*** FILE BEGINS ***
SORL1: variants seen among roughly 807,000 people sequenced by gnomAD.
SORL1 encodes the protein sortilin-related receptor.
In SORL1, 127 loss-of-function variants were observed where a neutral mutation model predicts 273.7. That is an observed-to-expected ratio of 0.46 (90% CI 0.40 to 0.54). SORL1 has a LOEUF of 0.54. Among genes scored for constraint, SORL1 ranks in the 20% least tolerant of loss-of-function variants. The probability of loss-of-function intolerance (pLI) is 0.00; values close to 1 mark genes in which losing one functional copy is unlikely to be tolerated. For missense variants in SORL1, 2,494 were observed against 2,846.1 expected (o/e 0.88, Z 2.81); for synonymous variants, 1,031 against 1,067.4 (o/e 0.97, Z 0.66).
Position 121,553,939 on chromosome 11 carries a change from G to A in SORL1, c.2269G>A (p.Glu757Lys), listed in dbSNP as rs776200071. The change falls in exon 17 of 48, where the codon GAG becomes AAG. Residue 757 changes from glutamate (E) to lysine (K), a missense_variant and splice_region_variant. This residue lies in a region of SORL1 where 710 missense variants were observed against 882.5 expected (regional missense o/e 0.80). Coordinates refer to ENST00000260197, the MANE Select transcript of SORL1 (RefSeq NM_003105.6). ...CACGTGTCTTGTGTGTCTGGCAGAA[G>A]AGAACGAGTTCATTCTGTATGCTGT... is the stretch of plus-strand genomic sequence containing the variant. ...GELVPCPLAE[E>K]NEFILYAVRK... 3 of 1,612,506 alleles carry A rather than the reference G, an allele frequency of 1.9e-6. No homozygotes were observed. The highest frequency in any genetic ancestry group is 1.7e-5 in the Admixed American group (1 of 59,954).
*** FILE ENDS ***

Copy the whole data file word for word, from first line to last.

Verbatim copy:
SORL1: variants seen among roughly 807,000 people sequenced by gnomAD.
SORL1 encodes the protein sortilin-related receptor.
In SORL1, 127 loss-of-function variants were observed where a neutral mutation model predicts 273.7. That is an observed-to-expected ratio of 0.46 (90% CI 0.40 to 0.54). SORL1 has a LOEUF of 0.54. Among genes scored for constraint, SORL1 ranks in the 20% least tolerant of loss-of-function variants. The probability of loss-of-function intolerance (pLI) is 0.00; values close to 1 mark genes in which losing one functional copy is unlikely to be tolerated. For missense variants in SORL1, 2,494 were observed against 2,846.1 expected (o/e 0.88, Z 2.81); for synonymous variants, 1,031 against 1,067.4 (o/e 0.97, Z 0.66).
Position 121,553,939 on chromosome 11 carries a change from G to A in SORL1, c.2269G>A (p.Glu757Lys), listed in dbSNP as rs776200071. The change falls in exon 17 of 48, where the codon GAG becomes AAG. Residue 757 changes from glutamate (E) to lysine (K), a missense_variant and splice_region_variant. This residue lies in a region of SORL1 where 710 missense variants were observed against 882.5 expected (regional missense o/e 0.80). Coordinates refer to ENST00000260197, the MANE Select transcript of SORL1 (RefSeq NM_003105.6). ...CACGTGTCTTGTGTGTCTGGCAGAA[G>A]AGAACGAGTTCATTCTGTATGCTGT... is the stretch of plus-strand genomic sequence containing the variant. ...GELVPCPLAE[E>K]NEFILYAVRK... 3 of 1,612,506 alleles carry A rather than the reference G, an allele frequency of 1.9e-6. No homozygotes were observed. The highest frequency in any genetic ancestry group is 1.7e-5 in the Admixed American group (1 of 59,954).